Electronic mail or email was invented in the late 1960s to mid-1970s. Originally invented to help us communicate better, today you would be forgiven for thinking that emails are unhelpful and a workload burden.
In 1993, I recall sitting alongside my head of Department, observing him pulling up a wooden stool, perched in front of a PC like a meerkat, working on a makeshift desk inside a woodwork-store-come-office; happily satisfied to be typing an email to another colleague who worked in the same building.
Sending a message electronically was quite the revolution at the time, particularly in schools. Gone was the need to walk to the staffroom and post a memo in 30 or 40 different pigeonholes.
One email now did the same job and I remember him feeling quite smug about the fact that he no longer needed to waste time chasing colleagues or bumping into the grumpy deputy headteacher who may give him another job to do, or remind them about all the ones that we hadn’t yet completed.
Such is the life of those who choose to work in schools, as a new teacher I looked on with a sense of wonder.
Fast forward 30 years and today, with the outburst of social media, mobile devices in everyone’s hands and applications with notifications 24/7, you can start to get a sense of why so many human beings are wishing to disconnect.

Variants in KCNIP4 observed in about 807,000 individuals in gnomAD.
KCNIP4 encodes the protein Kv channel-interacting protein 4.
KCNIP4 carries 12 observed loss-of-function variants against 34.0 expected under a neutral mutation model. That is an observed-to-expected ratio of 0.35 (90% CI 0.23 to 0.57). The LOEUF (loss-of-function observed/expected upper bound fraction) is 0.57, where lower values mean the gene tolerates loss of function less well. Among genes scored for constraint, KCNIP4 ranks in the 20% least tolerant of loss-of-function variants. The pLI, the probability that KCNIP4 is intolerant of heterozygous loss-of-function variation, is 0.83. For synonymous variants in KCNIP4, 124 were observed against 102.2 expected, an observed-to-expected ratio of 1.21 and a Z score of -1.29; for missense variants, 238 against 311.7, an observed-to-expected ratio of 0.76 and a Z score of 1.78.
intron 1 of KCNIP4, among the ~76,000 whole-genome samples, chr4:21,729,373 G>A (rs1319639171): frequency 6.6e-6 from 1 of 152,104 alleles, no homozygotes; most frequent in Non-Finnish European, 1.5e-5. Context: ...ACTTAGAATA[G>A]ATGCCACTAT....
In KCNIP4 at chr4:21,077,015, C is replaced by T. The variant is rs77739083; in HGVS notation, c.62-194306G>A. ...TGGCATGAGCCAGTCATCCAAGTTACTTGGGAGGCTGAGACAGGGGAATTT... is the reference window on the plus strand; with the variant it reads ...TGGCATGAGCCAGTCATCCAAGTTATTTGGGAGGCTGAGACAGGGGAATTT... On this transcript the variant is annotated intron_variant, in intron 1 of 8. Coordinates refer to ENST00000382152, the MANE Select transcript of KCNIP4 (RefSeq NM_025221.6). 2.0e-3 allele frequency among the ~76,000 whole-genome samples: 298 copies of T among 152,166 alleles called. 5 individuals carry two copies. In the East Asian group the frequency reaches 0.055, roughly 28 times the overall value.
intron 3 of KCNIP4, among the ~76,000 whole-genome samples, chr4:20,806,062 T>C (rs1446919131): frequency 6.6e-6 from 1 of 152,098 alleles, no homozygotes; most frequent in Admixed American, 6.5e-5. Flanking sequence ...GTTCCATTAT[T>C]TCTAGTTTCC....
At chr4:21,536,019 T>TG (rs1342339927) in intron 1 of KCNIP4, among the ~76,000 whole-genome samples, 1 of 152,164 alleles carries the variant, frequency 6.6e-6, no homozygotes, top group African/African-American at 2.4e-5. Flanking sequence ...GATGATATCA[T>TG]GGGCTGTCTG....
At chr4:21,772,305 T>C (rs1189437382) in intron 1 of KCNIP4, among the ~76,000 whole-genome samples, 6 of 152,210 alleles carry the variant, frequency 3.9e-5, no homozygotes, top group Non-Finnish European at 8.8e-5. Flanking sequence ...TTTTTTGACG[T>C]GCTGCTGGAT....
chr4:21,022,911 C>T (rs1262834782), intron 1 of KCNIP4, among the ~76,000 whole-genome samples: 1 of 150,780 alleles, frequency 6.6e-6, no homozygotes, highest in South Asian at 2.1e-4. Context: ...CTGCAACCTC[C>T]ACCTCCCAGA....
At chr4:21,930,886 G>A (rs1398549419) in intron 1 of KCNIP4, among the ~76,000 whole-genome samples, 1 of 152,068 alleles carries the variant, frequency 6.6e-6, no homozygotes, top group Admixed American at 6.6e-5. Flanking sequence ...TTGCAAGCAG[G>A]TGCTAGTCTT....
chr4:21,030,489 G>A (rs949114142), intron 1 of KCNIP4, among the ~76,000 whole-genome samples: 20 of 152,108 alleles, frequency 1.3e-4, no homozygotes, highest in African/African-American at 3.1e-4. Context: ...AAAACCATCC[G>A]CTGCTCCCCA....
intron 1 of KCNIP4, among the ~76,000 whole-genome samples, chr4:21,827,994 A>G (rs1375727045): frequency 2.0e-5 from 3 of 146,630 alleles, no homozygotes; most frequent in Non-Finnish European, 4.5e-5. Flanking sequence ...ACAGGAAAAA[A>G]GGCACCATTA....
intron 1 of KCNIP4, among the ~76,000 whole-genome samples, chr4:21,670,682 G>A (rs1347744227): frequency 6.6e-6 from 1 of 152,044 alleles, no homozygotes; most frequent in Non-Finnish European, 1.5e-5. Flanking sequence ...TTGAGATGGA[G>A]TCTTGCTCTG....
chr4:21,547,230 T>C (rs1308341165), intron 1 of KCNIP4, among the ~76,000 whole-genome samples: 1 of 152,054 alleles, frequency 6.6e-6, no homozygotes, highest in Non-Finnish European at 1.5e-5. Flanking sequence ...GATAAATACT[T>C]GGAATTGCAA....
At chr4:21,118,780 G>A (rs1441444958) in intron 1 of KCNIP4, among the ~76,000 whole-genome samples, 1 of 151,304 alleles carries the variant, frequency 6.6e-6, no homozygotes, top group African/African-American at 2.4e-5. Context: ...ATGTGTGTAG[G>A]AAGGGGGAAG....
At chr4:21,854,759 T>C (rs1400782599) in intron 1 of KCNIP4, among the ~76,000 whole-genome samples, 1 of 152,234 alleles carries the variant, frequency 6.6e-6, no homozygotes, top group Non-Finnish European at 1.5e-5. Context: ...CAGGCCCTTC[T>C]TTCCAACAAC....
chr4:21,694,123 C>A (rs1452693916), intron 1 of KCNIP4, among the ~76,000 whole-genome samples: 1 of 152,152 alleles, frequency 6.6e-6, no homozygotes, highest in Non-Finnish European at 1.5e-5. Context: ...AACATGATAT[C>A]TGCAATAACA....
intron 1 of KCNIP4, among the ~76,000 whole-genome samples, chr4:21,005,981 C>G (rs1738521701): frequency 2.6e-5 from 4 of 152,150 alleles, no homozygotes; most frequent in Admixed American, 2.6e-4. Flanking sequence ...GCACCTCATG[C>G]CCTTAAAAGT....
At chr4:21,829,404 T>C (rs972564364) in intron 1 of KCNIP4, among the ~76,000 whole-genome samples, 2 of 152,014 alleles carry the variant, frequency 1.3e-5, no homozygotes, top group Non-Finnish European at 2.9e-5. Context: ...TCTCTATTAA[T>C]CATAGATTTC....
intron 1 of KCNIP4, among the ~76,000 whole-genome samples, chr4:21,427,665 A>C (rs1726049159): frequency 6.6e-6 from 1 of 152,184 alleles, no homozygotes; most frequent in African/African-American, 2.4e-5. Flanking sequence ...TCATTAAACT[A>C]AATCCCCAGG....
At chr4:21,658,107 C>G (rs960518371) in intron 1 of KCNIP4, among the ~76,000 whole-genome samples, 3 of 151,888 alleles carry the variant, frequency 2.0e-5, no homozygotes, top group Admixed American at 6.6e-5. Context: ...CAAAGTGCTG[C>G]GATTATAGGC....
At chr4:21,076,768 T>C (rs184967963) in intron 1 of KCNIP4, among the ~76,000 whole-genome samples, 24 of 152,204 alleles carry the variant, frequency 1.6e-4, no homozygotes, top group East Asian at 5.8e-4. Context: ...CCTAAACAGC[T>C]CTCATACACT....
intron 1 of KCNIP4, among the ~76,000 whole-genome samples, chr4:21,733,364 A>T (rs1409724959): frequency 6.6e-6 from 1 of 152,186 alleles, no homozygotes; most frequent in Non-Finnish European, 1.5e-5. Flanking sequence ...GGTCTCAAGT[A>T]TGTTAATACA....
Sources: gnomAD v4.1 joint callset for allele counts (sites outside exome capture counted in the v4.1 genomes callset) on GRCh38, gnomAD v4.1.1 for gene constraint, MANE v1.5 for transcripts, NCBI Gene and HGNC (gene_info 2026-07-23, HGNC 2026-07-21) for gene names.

Time and time again, research into teacher recruitment and retention sites that teachers, working in independent and state schools in England are working in excess of 50 to 55 hours per week just to keep up with the day job. With most full-time teachers tied into the classroom to deliver 20 hours of teaching per week, and with an endless pile of marking, assessments and lesson planning to do, trying to keep on top of an endless supply of email messages, as well as communicate or answer countless questions or poorly-worded messages, is it any wonder that we are all cracking up?
Over the last five years, I have conducted research into my email behaviours have started to see how I could optimise the way in which I work. Aside from the obvious responses to emails on my personal devices, I started to think about how I close tackle my ‘inbox’ with automated messages, delay delivery, or simply stating a period of the day in which I would or would not read or reply to emails.
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